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It took Larry Lavagnino 69 years to get his dream job — mayor of Santa Maria, his home town. So it wasn’t easy for him to announce Monday that next year will be his last in the position.

Surrounded by his wife Donna, son Steve and daughter Laurie Pipan and their families at City Hall, Lavagnino said he will not seek re-election in 2012.

It was a long-rumored announcement, but one still emotional enough to bring the long-time public servant to tears.

“Yesterday I turned 76 years old. I’ll be 77 by the end of my term. You add four years to that, and you’re 81,” Lavagnino said standing in the City Council chambers where he has worked since 1996, when he first joined the council. “If I ran again, I would want to finish my term.”

Even though he said his health is good for somebody who had heart-bypass surgery 10 years ago and has “a titanium knee,” he doesn’t picture that possibility.

Lavagnino was born and raised in Santa Maria, and he has seen the community grow from 10,000 people in the 1940s to more than 100,000 today. He attended Santa Maria High School, Hancock College and Loyola University in Los Angeles.

He began his career in public service 46 years ago, serving as a staff assistant from 1965 to 1980 to Santa Barbara County Supervisors Curtis Tunnell and Harrell Fletcher.

 Lavagnino was appointed to the City Council in 1996, and served in that capacity until 2003, when he was appointed mayor to replace Joe Centeno, who was elected as a Santa Barbara County supervisor. He was last elected to a four-year term in 2008.

“There’s not a job anywhere, including supervisor, that’s better than being mayor of your home town,” Lavagnino said, taking a jab at his son Steve, who as 5th District county supervisor also represents the people of Santa Maria.

Lavagnino counted construction of the Abel Maldonado Community Youth Center and the Santa Maria Public Library, along with securing $46 million for the rehabilitation of the Santa Maria River levee and the upcoming Santa Maria River Bridge improvement project, as some of the biggest accomplishments during his run as mayor.

“We’ve done all of this without bonding. The library is paid for. The fire stations are paid for. The transit center is paid for. The Maldonado center is paid for. None of this stuff was bonded. I think that was our greatest achievement is that we were a pay-as-you-go. I don’t think San Luis (Obispo) and Santa Barbara can say that.”

Over the past three years, Santa Maria has felt the sting of the country’s economic woes probably more than other Central Coast communities. Lavagnino and city leaders often tout how “lean” their government runs with fewer than 500 employees and more than 100,000 residents.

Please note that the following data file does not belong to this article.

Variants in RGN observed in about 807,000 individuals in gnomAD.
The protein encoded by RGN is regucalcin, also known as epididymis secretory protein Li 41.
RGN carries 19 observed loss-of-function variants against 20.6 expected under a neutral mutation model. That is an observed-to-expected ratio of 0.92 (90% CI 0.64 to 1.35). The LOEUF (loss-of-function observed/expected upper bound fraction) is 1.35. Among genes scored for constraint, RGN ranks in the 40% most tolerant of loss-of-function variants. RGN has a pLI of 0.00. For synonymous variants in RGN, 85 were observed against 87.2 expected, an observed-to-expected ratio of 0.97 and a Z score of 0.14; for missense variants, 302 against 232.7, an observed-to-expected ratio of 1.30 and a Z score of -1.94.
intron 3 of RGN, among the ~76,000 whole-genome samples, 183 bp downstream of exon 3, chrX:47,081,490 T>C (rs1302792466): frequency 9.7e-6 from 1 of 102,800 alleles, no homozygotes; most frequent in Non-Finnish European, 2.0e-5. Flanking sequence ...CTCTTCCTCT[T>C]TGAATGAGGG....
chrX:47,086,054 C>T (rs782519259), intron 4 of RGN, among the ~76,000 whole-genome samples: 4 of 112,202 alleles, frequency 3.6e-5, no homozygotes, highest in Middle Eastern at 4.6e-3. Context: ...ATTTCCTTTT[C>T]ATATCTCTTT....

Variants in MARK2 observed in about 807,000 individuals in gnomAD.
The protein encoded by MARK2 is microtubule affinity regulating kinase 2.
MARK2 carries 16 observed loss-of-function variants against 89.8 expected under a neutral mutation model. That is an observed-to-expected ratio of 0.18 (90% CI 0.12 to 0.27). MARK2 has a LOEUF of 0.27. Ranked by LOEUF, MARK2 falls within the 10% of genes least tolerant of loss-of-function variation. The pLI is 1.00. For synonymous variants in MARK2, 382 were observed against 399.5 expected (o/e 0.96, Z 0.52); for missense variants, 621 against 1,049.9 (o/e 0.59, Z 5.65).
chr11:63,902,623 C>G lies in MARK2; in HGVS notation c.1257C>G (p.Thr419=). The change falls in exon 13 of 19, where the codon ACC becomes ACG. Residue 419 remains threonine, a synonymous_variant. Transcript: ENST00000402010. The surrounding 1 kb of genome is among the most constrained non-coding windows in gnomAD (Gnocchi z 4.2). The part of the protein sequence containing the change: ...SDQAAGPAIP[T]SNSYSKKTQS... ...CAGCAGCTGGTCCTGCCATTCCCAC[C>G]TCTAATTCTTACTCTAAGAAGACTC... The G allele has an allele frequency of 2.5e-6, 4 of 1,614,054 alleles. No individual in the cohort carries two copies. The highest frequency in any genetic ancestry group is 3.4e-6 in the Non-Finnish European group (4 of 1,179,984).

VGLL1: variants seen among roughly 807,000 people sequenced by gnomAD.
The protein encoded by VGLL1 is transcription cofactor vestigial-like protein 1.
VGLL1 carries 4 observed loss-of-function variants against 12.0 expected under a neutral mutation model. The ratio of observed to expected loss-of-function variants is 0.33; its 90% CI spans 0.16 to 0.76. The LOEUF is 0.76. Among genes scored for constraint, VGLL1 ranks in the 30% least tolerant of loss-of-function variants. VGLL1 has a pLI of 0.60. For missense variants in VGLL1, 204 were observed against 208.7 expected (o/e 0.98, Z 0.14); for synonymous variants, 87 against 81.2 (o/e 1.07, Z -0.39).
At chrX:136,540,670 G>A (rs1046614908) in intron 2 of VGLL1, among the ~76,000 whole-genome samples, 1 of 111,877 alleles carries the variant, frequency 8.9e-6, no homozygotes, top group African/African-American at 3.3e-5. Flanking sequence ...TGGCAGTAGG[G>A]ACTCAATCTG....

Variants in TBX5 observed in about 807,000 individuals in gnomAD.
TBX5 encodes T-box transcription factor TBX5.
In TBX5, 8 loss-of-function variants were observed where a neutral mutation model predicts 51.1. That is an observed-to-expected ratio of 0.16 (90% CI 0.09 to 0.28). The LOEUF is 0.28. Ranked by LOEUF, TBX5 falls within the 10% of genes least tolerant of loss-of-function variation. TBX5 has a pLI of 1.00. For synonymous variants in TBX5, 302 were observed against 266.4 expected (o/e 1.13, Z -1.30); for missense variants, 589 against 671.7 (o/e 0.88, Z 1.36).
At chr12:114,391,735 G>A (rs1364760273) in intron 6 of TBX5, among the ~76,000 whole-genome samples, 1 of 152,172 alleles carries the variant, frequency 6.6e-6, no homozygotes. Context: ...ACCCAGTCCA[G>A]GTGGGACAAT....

Lavagnino credited City Manager Tim Ness with guiding the city through the tough financial times, and City Clerk Patti Rodriguez with keeping him on task. Others lauded Lavagnino’s leadership as a key with helping keep the city afloat.

“Without question, in my opinion, he is the finest mayor this city has ever had,” said Bob Hatch, president and chief executive officer of the Santa Maria Valley Chamber of Commerce. “He oversaw the city through one of the most difficult economic times this city will ever see.”

Two current council members, Mike Cordero and Alice Patino, said Monday they hope to succeed Lavagnino. Both sent out emails announcing their

intention to run for the office, and Patino said she will hold a press conference at 10:30 a.m. today at City Hall to discuss her candidacy.

“He was one of the first people that I think once I decided to run for council let me know what to expect,” Cordero said. “He said, ‘You just got to have a thick skin, Mike. You can’t take things personally.’ I think those things, although brief, were good advice and extremely helpful.”

Cordero and Councilman Bob Orach are both up for re-election next year. Patino’s and Jack Boysen’s terms run through 2014.

“He’s been so good for the city of Santa Maria. He loves the city, and it shows in the decisions he makes,” Patino said. “He was always fair and that’s the way a mayor is supposed to be.”

In addition to his work as mayor, he is a board member with the Marian Medical Center Foundation, Central Coast Water Authority, county Air Pollution Control District and the county association of governments.

Steve Lavagnino laughed when he said his father always had an agreement with his family that they wouldn’t let him get to “drool stage” while he was in office, meaning he didn’t want to out-stay his usefulness or his health.

By bowing out now, Lavagnino said, his father is in a good position to pass the baton to the next mayor.

“When you’re on a City Council, mayor or Board of Supervisors, you’re on a smaller stage. You’re more open to criticism and you’re held responsible,” the younger Lavagnino said. “Just seeing what he did and how he responded to people was a great inspiration to me.”

The mayor will continue to serve the city through 2012. The general election is Nov. 6.

“It was a hard decision because truthfully I’d like to be the mayor of Santa Maria until I die. But to be fair to the citizens, I don’t want to try to push it too far,” he said. “I just thought this would be the time to go out on top like (Rocky) Marciano and (Joe) DiMaggio instead of all punch drunk, so to speak.”

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